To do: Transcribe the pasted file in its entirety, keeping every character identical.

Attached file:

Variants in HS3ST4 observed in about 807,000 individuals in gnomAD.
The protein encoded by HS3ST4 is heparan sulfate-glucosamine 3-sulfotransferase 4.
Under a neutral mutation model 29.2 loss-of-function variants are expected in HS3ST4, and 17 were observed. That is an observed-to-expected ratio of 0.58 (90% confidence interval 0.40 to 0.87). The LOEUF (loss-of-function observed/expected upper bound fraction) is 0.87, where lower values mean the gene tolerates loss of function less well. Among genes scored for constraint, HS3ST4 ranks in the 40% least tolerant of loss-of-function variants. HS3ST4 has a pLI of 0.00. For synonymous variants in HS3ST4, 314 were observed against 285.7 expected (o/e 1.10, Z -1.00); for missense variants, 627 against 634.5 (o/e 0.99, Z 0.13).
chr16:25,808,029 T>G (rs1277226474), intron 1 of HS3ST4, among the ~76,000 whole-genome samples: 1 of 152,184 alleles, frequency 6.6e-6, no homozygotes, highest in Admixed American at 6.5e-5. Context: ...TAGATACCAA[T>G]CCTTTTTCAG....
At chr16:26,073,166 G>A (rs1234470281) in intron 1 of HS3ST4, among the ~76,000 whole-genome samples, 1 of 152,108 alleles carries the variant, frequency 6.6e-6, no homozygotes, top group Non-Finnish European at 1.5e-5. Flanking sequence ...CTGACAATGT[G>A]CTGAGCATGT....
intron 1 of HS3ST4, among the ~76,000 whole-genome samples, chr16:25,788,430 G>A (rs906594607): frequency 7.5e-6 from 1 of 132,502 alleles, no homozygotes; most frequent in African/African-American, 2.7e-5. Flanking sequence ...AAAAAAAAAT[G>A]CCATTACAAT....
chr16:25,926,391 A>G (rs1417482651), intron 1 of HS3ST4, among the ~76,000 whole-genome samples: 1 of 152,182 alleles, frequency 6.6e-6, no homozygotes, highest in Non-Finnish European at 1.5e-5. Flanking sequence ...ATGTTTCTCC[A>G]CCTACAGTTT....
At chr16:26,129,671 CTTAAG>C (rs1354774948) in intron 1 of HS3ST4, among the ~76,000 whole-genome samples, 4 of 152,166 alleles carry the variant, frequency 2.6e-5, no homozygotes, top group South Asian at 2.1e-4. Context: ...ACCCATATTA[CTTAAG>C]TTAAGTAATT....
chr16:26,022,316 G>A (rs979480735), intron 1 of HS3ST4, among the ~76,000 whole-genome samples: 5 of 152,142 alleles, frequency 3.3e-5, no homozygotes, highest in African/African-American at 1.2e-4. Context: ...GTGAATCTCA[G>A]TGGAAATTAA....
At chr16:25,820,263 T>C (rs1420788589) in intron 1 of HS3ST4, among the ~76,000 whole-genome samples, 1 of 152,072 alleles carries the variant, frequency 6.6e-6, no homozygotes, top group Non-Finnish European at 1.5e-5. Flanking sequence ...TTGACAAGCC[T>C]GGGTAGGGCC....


Variants in HS3ST4 observed in about 807,000 individuals in gnomAD.
The protein encoded by HS3ST4 is heparan sulfate-glucosamine 3-sulfotransferase 4.
Under a neutral mutation model 29.2 loss-of-function variants are expected in HS3ST4, and 17 were observed. That is an observed-to-expected ratio of 0.58 (90% confidence interval 0.40 to 0.87). The LOEUF (loss-of-function observed/expected upper bound fraction) is 0.87, where lower values mean the gene tolerates loss of function less well. Among genes scored for constraint, HS3ST4 ranks in the 40% least tolerant of loss-of-function variants. HS3ST4 has a pLI of 0.00. For synonymous variants in HS3ST4, 314 were observed against 285.7 expected (o/e 1.10, Z -1.00); for missense variants, 627 against 634.5 (o/e 0.99, Z 0.13).
chr16:25,808,029 T>G (rs1277226474), intron 1 of HS3ST4, among the ~76,000 whole-genome samples: 1 of 152,184 alleles, frequency 6.6e-6, no homozygotes, highest in Admixed American at 6.5e-5. Context: ...TAGATACCAA[T>G]CCTTTTTCAG....
At chr16:26,073,166 G>A (rs1234470281) in intron 1 of HS3ST4, among the ~76,000 whole-genome samples, 1 of 152,108 alleles carries the variant, frequency 6.6e-6, no homozygotes, top group Non-Finnish European at 1.5e-5. Flanking sequence ...CTGACAATGT[G>A]CTGAGCATGT....
intron 1 of HS3ST4, among the ~76,000 whole-genome samples, chr16:25,788,430 G>A (rs906594607): frequency 7.5e-6 from 1 of 132,502 alleles, no homozygotes; most frequent in African/African-American, 2.7e-5. Flanking sequence ...AAAAAAAAAT[G>A]CCATTACAAT....
chr16:25,926,391 A>G (rs1417482651), intron 1 of HS3ST4, among the ~76,000 whole-genome samples: 1 of 152,182 alleles, frequency 6.6e-6, no homozygotes, highest in Non-Finnish European at 1.5e-5. Flanking sequence ...ATGTTTCTCC[A>G]CCTACAGTTT....
At chr16:26,129,671 CTTAAG>C (rs1354774948) in intron 1 of HS3ST4, among the ~76,000 whole-genome samples, 4 of 152,166 alleles carry the variant, frequency 2.6e-5, no homozygotes, top group South Asian at 2.1e-4. Context: ...ACCCATATTA[CTTAAG>C]TTAAGTAATT....
chr16:26,022,316 G>A (rs979480735), intron 1 of HS3ST4, among the ~76,000 whole-genome samples: 5 of 152,142 alleles, frequency 3.3e-5, no homozygotes, highest in African/African-American at 1.2e-4. Context: ...GTGAATCTCA[G>A]TGGAAATTAA....
At chr16:25,820,263 T>C (rs1420788589) in intron 1 of HS3ST4, among the ~76,000 whole-genome samples, 1 of 152,072 alleles carries the variant, frequency 6.6e-6, no homozygotes, top group Non-Finnish European at 1.5e-5. Flanking sequence ...TTGACAAGCC[T>C]GGGTAGGGCC....